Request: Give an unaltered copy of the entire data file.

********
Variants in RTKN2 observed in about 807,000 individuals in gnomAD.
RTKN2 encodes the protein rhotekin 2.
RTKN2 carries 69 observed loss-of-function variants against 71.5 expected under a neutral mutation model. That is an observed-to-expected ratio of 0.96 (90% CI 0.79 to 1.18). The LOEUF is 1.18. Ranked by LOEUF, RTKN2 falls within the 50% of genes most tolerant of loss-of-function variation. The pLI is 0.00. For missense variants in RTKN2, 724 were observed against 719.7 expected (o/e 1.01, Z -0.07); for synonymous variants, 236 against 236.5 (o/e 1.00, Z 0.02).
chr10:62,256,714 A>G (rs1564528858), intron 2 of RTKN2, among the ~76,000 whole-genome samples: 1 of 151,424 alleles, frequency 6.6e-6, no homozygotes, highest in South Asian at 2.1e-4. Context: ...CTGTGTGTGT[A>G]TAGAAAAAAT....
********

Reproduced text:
Variants in RTKN2 observed in about 807,000 individuals in gnomAD.
RTKN2 encodes the protein rhotekin 2.
RTKN2 carries 69 observed loss-of-function variants against 71.5 expected under a neutral mutation model. That is an observed-to-expected ratio of 0.96 (90% CI 0.79 to 1.18). The LOEUF is 1.18. Ranked by LOEUF, RTKN2 falls within the 50% of genes most tolerant of loss-of-function variation. The pLI is 0.00. For missense variants in RTKN2, 724 were observed against 719.7 expected (o/e 1.01, Z -0.07); for synonymous variants, 236 against 236.5 (o/e 1.00, Z 0.02).
chr10:62,256,714 A>G (rs1564528858), intron 2 of RTKN2, among the ~76,000 whole-genome samples: 1 of 151,424 alleles, frequency 6.6e-6, no homozygotes, highest in South Asian at 2.1e-4. Context: ...CTGTGTGTGT[A>G]TAGAAAAAAT....